Five From CNET

I periodically binge on CNET. The lure of free, legal, music downloads preys upon my mind and I can lose hours to sifting through genres and recommendations. Usually this yields only a very few songs. Much of what I’m just discovering has been enjoyed by much cooler people for years now— Wolf Parade, The National, Devendra Banhart; these are acts that are relatively well known to those who didn’t spend most of their twenties trying to simply stay afloat in overwhelming jobs.

Realizing that I cannot profess to have a blog and not try to foist my musical tastes on others I submit to you just five artists that you can download and experience for yourself. My reasons for recommendation range from how emotional a track makes me to how perfectly derivative a band sounds. Regardless of the reasoning they’ve all been getting a lot of play around here.

1. Wikked Lil’ Girls by Esthero

This one might be a tad embarrassing to explain so I’ll skirt around the issue a bit. Apart from obvious props to Benny Goodman there’s an energy that rewinds life ten years. Whether you can live into the lyrics or not I think anyone can appreciate a little big band and high-sheen lip gloss.

2. End of Time by Beat Chemist

If you’re Fat Boy Slim then you beat a one-line sample into the ground and create a monotonous piece of radio triffle. But the Beat Chemist takes one short sample and fashions a sweet little rumination about seasons passing and the frailty of life. The beats are still phat, but they come from a heart.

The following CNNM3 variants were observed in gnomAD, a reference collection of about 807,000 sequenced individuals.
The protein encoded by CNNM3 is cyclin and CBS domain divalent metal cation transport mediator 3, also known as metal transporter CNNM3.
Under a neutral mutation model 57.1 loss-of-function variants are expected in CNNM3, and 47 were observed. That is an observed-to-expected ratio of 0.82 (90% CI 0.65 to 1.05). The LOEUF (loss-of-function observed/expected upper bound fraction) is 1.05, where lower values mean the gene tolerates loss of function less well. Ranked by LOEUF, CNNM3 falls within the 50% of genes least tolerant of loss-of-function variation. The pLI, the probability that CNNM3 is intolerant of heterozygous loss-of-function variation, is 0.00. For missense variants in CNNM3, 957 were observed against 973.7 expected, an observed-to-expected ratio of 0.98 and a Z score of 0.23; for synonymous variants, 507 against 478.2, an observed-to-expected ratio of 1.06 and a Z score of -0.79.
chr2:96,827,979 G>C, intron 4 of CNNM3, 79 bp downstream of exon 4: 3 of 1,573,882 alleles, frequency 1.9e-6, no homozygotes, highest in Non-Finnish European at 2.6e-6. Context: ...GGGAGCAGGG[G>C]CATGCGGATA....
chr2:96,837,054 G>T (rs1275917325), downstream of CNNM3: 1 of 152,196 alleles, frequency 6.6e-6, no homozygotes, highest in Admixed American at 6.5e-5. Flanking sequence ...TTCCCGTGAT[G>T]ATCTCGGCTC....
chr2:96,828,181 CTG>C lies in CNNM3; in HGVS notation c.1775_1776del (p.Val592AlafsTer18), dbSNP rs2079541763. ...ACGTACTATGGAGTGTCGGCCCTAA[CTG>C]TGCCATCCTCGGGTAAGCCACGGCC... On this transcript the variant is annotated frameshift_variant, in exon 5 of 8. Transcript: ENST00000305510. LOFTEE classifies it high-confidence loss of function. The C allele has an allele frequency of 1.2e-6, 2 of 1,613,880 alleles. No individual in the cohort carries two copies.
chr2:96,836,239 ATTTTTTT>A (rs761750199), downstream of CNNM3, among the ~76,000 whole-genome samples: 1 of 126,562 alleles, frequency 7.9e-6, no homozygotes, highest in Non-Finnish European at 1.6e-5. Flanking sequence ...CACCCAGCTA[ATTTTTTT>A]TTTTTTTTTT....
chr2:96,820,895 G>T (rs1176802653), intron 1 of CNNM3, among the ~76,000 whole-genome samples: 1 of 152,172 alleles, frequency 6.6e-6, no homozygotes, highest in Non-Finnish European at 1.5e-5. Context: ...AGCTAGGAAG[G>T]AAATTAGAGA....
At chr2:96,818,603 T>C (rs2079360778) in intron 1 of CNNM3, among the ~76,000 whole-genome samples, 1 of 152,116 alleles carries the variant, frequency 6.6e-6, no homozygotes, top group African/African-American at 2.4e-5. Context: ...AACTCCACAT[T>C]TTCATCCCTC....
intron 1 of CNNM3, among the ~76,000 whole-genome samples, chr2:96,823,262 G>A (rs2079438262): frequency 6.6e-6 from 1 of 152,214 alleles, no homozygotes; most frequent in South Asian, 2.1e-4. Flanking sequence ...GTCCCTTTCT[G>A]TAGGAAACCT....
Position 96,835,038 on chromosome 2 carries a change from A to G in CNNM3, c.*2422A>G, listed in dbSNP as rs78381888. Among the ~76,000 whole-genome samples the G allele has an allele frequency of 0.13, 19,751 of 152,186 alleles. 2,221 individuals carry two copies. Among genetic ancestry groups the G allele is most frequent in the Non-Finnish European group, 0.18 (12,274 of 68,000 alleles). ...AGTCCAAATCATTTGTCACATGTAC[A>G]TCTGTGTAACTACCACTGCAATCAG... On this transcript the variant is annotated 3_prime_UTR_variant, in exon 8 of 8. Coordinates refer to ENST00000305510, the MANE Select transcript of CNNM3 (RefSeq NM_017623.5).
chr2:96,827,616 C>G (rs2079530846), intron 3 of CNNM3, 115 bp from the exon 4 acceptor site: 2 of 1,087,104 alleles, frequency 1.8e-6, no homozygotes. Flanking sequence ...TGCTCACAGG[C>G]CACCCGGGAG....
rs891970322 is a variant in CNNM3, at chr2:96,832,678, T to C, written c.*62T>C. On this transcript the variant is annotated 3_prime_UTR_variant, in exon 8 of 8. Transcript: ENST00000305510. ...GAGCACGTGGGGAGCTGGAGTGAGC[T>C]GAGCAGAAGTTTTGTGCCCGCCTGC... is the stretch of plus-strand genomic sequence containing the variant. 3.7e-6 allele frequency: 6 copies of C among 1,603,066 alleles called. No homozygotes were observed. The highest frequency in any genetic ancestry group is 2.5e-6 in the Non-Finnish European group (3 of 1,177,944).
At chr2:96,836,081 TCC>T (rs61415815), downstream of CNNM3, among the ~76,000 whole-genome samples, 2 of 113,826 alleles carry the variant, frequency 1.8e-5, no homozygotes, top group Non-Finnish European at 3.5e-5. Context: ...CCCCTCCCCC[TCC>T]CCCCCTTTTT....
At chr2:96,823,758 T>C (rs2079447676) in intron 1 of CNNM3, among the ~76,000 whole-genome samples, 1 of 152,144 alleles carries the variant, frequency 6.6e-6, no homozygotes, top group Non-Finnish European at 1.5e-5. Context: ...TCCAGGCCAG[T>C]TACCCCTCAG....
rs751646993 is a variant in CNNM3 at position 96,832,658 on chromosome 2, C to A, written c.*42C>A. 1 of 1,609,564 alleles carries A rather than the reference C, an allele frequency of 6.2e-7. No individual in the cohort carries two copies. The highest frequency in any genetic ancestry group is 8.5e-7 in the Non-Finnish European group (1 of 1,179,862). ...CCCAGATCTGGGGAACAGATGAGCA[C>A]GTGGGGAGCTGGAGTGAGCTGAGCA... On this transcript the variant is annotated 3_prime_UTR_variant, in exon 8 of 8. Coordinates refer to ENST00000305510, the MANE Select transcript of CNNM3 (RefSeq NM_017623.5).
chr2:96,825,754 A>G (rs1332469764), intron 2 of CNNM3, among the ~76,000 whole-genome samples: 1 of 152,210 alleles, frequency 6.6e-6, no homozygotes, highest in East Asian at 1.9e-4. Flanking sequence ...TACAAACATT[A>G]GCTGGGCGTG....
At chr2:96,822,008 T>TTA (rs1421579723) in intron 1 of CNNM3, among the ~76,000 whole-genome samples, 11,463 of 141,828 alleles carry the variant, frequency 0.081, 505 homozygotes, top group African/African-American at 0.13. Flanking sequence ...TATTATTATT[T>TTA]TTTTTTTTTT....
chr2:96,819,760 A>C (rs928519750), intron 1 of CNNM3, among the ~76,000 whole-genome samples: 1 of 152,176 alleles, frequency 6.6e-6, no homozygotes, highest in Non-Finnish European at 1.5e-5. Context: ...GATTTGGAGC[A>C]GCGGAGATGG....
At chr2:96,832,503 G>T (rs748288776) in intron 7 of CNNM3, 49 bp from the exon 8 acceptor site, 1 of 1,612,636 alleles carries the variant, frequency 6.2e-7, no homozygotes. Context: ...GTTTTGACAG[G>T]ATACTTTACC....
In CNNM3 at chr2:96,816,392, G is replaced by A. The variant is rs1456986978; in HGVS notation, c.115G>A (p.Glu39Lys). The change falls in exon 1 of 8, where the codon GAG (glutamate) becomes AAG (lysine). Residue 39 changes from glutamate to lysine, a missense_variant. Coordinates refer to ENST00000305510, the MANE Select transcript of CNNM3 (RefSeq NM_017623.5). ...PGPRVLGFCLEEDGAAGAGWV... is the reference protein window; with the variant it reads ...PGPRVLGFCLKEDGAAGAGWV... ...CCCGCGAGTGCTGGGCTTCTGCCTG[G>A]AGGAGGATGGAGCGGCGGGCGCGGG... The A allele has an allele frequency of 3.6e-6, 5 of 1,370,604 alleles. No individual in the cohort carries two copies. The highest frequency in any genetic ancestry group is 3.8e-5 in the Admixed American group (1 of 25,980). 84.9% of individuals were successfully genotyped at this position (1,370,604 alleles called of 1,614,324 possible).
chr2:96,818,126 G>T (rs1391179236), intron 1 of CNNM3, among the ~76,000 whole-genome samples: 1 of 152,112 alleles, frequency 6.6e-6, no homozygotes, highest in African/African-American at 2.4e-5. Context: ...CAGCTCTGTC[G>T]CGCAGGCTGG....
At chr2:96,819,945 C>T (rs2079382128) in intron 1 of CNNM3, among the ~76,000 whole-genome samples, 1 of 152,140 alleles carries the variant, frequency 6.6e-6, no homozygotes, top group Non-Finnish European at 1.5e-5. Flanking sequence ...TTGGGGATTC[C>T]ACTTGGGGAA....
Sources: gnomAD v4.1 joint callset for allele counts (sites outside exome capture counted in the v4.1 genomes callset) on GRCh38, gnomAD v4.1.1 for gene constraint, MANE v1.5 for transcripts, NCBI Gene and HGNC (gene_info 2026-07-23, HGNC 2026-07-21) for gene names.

3. Nothing Was Special by Lendi Vexer

Do you ever get tired of reading reviews for bands that reportedly sound like Portishead only to give them a listen and wonder how anyone could make such a comparison? No? Well, I’ve spent years lamenting the loss of Geoff and Beth so I fall for the old, “if you like Portishead” trick almost every time. This is the first group that, yes indeed, sounds like Portishead. The organ, the haunted female vocalist, the echoing chamber and languorous beats— it’s all here. Derivative? Sure. And that’s what makes it awesome.

4. To Build a Home by The Cinematic Orchestra

Sparse and a touch maudlin. This is the only free track offered by this group and I haven’t been out to purchase the album yet but, if this song is any indication, Coldplay’s lawyers are keeping a close watch. Did I just admit to knowing what Coldplay sounds like?

All my credibility just flew out the window.

5. By Your Side by CocoRosie

My wife dug this one up and it’s a nice counterpoint to Wikked Lil’ Girls. The inane simplicity of this track juxtaposes beautifully with the exceedingly nebulous intent of the lyrics. Ironic? Resigned? Love struck? Maybe just struck. If you’re down with the growing tendency towards haunted lo-fi folk then you’ll probably enjoy all the other free tracks by this group as well.

If you’ve got comments about this selection, or recommendations for other tracks, feel free to drop your line below. The next list of five will feature songs by bands that reveal how I’m five years behind the times.